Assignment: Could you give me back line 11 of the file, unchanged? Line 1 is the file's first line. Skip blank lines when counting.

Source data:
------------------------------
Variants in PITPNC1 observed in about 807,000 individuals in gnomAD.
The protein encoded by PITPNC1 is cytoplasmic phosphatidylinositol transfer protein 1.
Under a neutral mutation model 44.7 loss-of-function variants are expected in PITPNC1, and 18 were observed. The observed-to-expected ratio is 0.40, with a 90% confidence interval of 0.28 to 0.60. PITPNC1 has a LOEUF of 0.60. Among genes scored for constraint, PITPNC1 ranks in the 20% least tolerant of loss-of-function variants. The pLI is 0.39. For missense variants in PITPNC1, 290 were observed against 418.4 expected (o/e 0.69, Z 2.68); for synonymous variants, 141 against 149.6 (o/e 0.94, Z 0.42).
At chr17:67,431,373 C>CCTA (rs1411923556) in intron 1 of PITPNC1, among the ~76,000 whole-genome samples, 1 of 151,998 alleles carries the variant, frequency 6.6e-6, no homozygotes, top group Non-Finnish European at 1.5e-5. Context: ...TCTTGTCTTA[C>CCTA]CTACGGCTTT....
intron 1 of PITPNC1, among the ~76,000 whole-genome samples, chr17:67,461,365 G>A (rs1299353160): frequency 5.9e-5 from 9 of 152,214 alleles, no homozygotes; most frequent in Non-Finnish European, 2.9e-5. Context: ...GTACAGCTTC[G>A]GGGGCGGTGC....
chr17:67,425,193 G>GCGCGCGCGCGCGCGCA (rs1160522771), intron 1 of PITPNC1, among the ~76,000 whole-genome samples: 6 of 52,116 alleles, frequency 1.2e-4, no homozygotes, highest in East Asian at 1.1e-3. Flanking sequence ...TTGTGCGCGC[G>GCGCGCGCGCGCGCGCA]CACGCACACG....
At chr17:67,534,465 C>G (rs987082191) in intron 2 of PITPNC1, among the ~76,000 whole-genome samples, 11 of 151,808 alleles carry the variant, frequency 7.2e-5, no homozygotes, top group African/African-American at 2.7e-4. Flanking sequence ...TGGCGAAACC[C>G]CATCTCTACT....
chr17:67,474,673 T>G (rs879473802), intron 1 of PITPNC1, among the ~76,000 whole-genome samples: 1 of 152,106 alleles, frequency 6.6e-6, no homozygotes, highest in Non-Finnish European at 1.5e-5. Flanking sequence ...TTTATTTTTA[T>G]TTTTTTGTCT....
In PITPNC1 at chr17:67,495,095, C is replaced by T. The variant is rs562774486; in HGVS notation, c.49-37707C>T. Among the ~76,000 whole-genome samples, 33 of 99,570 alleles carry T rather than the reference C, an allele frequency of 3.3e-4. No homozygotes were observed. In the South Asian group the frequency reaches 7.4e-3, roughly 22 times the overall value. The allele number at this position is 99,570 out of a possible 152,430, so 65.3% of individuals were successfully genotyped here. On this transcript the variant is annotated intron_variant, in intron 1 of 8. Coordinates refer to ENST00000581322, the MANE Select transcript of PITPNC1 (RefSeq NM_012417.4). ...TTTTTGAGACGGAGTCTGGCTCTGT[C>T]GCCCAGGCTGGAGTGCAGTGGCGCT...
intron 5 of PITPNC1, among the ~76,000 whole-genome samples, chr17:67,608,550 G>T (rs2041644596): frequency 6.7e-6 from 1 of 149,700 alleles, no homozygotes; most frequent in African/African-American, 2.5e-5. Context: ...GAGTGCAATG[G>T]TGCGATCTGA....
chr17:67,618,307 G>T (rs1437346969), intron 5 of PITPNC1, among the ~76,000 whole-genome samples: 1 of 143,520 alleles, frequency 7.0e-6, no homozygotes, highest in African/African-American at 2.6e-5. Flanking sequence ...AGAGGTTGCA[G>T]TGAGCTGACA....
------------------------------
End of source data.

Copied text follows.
chr17:67,618,307 G>T (rs1437346969), intron 5 of PITPNC1, among the ~76,000 whole-genome samples: 1 of 143,520 alleles, frequency 7.0e-6, no homozygotes, highest in African/African-American at 2.6e-5. Flanking sequence ...AGAGGTTGCA[G>T]TGAGCTGACA....